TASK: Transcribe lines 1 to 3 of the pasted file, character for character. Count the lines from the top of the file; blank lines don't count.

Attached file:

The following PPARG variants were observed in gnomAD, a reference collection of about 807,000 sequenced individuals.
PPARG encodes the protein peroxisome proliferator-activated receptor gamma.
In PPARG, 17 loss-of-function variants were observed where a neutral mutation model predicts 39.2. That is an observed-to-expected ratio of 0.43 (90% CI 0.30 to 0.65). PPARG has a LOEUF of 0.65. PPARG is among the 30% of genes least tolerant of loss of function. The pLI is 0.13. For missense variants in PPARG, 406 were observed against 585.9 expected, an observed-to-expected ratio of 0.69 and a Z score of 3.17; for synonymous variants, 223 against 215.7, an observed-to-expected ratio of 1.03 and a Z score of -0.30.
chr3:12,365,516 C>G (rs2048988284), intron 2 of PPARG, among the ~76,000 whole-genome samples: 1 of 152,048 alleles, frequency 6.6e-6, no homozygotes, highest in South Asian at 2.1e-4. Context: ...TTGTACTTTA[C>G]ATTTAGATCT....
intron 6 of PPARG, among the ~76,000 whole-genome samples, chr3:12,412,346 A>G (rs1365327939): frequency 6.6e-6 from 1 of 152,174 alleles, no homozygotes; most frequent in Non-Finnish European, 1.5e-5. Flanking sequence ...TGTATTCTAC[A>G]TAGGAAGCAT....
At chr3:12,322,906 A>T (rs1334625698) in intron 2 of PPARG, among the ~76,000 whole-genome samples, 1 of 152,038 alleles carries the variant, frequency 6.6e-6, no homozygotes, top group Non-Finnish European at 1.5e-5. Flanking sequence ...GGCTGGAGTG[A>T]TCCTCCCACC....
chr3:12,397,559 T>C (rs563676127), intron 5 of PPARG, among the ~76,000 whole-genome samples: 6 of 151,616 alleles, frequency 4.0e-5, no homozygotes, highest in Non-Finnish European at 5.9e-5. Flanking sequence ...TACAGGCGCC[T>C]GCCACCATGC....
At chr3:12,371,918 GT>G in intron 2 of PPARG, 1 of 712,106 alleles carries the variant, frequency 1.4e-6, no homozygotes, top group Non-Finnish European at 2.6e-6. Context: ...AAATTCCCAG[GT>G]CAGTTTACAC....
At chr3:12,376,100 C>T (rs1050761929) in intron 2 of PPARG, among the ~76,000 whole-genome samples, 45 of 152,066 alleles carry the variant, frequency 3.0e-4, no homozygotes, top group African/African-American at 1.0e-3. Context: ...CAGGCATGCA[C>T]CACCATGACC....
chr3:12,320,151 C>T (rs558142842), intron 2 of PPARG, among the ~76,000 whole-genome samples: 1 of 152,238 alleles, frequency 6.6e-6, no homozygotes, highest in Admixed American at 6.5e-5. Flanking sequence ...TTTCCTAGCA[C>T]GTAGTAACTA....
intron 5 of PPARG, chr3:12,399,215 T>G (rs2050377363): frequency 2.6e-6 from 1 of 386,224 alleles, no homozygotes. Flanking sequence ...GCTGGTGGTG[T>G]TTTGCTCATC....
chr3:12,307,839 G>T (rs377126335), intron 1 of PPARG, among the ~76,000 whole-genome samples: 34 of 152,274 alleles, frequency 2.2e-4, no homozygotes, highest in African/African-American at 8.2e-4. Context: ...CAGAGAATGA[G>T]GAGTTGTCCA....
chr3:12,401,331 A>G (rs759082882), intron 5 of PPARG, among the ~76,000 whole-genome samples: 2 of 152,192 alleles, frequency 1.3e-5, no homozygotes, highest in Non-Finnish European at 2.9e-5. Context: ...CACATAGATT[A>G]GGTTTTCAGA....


The following PPARG variants were observed in gnomAD, a reference collection of about 807,000 sequenced individuals.
PPARG encodes the protein peroxisome proliferator-activated receptor gamma.
In PPARG, 17 loss-of-function variants were observed where a neutral mutation model predicts 39.2. That is an observed-to-expected ratio of 0.43 (90% CI 0.30 to 0.65). PPARG has a LOEUF of 0.65. PPARG is among the 30% of genes least tolerant of loss of function. The pLI is 0.13. For missense variants in PPARG, 406 were observed against 585.9 expected, an observed-to-expected ratio of 0.69 and a Z score of 3.17; for synonymous variants, 223 against 215.7, an observed-to-expected ratio of 1.03 and a Z score of -0.30.